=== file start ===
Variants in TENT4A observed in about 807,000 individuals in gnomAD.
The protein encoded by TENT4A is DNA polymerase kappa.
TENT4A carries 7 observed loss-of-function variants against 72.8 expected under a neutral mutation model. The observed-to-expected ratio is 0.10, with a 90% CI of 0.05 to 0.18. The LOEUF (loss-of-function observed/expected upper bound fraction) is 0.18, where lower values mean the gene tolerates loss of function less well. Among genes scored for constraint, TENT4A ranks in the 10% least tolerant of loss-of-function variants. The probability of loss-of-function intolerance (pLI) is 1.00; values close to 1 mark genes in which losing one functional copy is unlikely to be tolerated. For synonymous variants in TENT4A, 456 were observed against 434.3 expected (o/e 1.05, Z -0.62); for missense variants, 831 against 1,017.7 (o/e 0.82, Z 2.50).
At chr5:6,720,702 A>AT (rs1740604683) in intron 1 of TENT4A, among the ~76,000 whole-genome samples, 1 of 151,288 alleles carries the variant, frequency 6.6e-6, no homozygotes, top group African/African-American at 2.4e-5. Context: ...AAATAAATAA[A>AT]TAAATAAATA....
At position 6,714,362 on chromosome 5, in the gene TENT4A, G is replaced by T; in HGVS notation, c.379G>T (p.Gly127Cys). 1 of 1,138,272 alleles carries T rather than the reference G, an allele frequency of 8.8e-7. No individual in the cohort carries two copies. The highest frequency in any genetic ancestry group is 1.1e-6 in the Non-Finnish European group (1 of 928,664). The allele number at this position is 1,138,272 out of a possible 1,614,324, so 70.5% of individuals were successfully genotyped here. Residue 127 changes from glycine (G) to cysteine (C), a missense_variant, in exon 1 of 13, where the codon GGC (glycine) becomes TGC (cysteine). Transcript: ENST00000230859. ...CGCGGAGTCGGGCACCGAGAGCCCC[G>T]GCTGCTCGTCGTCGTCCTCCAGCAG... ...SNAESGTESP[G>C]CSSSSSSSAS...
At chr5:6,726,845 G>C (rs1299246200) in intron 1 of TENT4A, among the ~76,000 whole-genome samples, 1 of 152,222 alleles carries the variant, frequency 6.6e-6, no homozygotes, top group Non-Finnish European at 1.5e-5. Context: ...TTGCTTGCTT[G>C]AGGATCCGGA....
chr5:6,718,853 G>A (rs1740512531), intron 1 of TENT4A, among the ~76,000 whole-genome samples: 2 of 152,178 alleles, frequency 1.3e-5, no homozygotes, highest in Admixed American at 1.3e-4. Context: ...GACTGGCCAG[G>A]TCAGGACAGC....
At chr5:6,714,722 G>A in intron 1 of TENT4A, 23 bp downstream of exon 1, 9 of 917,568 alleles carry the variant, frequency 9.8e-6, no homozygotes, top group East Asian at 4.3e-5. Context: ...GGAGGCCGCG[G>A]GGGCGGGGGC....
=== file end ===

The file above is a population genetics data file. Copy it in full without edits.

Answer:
Variants in TENT4A observed in about 807,000 individuals in gnomAD.
The protein encoded by TENT4A is DNA polymerase kappa.
TENT4A carries 7 observed loss-of-function variants against 72.8 expected under a neutral mutation model. The observed-to-expected ratio is 0.10, with a 90% CI of 0.05 to 0.18. The LOEUF (loss-of-function observed/expected upper bound fraction) is 0.18, where lower values mean the gene tolerates loss of function less well. Among genes scored for constraint, TENT4A ranks in the 10% least tolerant of loss-of-function variants. The probability of loss-of-function intolerance (pLI) is 1.00; values close to 1 mark genes in which losing one functional copy is unlikely to be tolerated. For synonymous variants in TENT4A, 456 were observed against 434.3 expected (o/e 1.05, Z -0.62); for missense variants, 831 against 1,017.7 (o/e 0.82, Z 2.50).
At chr5:6,720,702 A>AT (rs1740604683) in intron 1 of TENT4A, among the ~76,000 whole-genome samples, 1 of 151,288 alleles carries the variant, frequency 6.6e-6, no homozygotes, top group African/African-American at 2.4e-5. Context: ...AAATAAATAA[A>AT]TAAATAAATA....
At position 6,714,362 on chromosome 5, in the gene TENT4A, G is replaced by T; in HGVS notation, c.379G>T (p.Gly127Cys). 1 of 1,138,272 alleles carries T rather than the reference G, an allele frequency of 8.8e-7. No individual in the cohort carries two copies. The highest frequency in any genetic ancestry group is 1.1e-6 in the Non-Finnish European group (1 of 928,664). The allele number at this position is 1,138,272 out of a possible 1,614,324, so 70.5% of individuals were successfully genotyped here. Residue 127 changes from glycine (G) to cysteine (C), a missense_variant, in exon 1 of 13, where the codon GGC (glycine) becomes TGC (cysteine). Transcript: ENST00000230859. ...CGCGGAGTCGGGCACCGAGAGCCCC[G>T]GCTGCTCGTCGTCGTCCTCCAGCAG... ...SNAESGTESP[G>C]CSSSSSSSAS...
At chr5:6,726,845 G>C (rs1299246200) in intron 1 of TENT4A, among the ~76,000 whole-genome samples, 1 of 152,222 alleles carries the variant, frequency 6.6e-6, no homozygotes, top group Non-Finnish European at 1.5e-5. Context: ...TTGCTTGCTT[G>C]AGGATCCGGA....
chr5:6,718,853 G>A (rs1740512531), intron 1 of TENT4A, among the ~76,000 whole-genome samples: 2 of 152,178 alleles, frequency 1.3e-5, no homozygotes, highest in Admixed American at 1.3e-4. Context: ...GACTGGCCAG[G>A]TCAGGACAGC....
At chr5:6,714,722 G>A in intron 1 of TENT4A, 23 bp downstream of exon 1, 9 of 917,568 alleles carry the variant, frequency 9.8e-6, no homozygotes, top group East Asian at 4.3e-5. Context: ...GGAGGCCGCG[G>A]GGGCGGGGGC....